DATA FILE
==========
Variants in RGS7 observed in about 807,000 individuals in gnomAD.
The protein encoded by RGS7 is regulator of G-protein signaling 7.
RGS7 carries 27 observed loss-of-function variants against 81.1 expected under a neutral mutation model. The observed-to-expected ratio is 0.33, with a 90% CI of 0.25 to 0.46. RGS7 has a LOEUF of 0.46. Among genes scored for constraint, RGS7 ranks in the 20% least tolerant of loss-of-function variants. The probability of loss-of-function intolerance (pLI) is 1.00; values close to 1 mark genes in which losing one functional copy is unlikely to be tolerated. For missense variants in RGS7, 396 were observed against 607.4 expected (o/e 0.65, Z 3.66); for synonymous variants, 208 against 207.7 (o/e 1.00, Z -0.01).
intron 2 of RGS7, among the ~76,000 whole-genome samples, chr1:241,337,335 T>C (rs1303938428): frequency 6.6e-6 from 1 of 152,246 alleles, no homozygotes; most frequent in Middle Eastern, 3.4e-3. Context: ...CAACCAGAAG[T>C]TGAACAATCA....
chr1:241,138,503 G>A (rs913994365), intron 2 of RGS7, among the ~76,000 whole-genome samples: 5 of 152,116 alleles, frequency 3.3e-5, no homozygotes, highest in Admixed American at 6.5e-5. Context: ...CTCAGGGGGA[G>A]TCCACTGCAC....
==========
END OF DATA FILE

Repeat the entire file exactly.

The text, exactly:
Variants in RGS7 observed in about 807,000 individuals in gnomAD.
The protein encoded by RGS7 is regulator of G-protein signaling 7.
RGS7 carries 27 observed loss-of-function variants against 81.1 expected under a neutral mutation model. The observed-to-expected ratio is 0.33, with a 90% CI of 0.25 to 0.46. RGS7 has a LOEUF of 0.46. Among genes scored for constraint, RGS7 ranks in the 20% least tolerant of loss-of-function variants. The probability of loss-of-function intolerance (pLI) is 1.00; values close to 1 mark genes in which losing one functional copy is unlikely to be tolerated. For missense variants in RGS7, 396 were observed against 607.4 expected (o/e 0.65, Z 3.66); for synonymous variants, 208 against 207.7 (o/e 1.00, Z -0.01).
intron 2 of RGS7, among the ~76,000 whole-genome samples, chr1:241,337,335 T>C (rs1303938428): frequency 6.6e-6 from 1 of 152,246 alleles, no homozygotes; most frequent in Middle Eastern, 3.4e-3. Context: ...CAACCAGAAG[T>C]TGAACAATCA....
chr1:241,138,503 G>A (rs913994365), intron 2 of RGS7, among the ~76,000 whole-genome samples: 5 of 152,116 alleles, frequency 3.3e-5, no homozygotes, highest in Admixed American at 6.5e-5. Context: ...CTCAGGGGGA[G>A]TCCACTGCAC....